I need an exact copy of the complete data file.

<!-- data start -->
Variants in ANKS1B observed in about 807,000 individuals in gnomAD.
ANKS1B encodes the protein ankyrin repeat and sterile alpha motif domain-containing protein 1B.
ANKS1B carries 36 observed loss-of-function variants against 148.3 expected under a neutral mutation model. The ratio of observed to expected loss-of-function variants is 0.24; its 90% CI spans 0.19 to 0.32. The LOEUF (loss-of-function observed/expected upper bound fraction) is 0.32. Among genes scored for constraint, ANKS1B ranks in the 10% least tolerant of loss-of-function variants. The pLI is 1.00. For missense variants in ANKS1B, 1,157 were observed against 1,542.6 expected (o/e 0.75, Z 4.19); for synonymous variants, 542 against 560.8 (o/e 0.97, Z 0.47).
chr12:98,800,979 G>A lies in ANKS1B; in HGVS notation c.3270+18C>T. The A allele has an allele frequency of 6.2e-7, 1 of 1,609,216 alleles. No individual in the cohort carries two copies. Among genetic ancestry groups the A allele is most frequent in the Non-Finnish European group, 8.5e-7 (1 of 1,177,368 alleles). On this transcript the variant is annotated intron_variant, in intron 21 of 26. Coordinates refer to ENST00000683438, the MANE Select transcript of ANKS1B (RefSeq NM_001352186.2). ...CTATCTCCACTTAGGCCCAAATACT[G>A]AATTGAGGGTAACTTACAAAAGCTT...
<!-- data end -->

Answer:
Variants in ANKS1B observed in about 807,000 individuals in gnomAD.
ANKS1B encodes the protein ankyrin repeat and sterile alpha motif domain-containing protein 1B.
ANKS1B carries 36 observed loss-of-function variants against 148.3 expected under a neutral mutation model. The ratio of observed to expected loss-of-function variants is 0.24; its 90% CI spans 0.19 to 0.32. The LOEUF (loss-of-function observed/expected upper bound fraction) is 0.32. Among genes scored for constraint, ANKS1B ranks in the 10% least tolerant of loss-of-function variants. The pLI is 1.00. For missense variants in ANKS1B, 1,157 were observed against 1,542.6 expected (o/e 0.75, Z 4.19); for synonymous variants, 542 against 560.8 (o/e 0.97, Z 0.47).
chr12:98,800,979 G>A lies in ANKS1B; in HGVS notation c.3270+18C>T. The A allele has an allele frequency of 6.2e-7, 1 of 1,609,216 alleles. No individual in the cohort carries two copies. Among genetic ancestry groups the A allele is most frequent in the Non-Finnish European group, 8.5e-7 (1 of 1,177,368 alleles). On this transcript the variant is annotated intron_variant, in intron 21 of 26. Coordinates refer to ENST00000683438, the MANE Select transcript of ANKS1B (RefSeq NM_001352186.2). ...CTATCTCCACTTAGGCCCAAATACT[G>A]AATTGAGGGTAACTTACAAAAGCTT...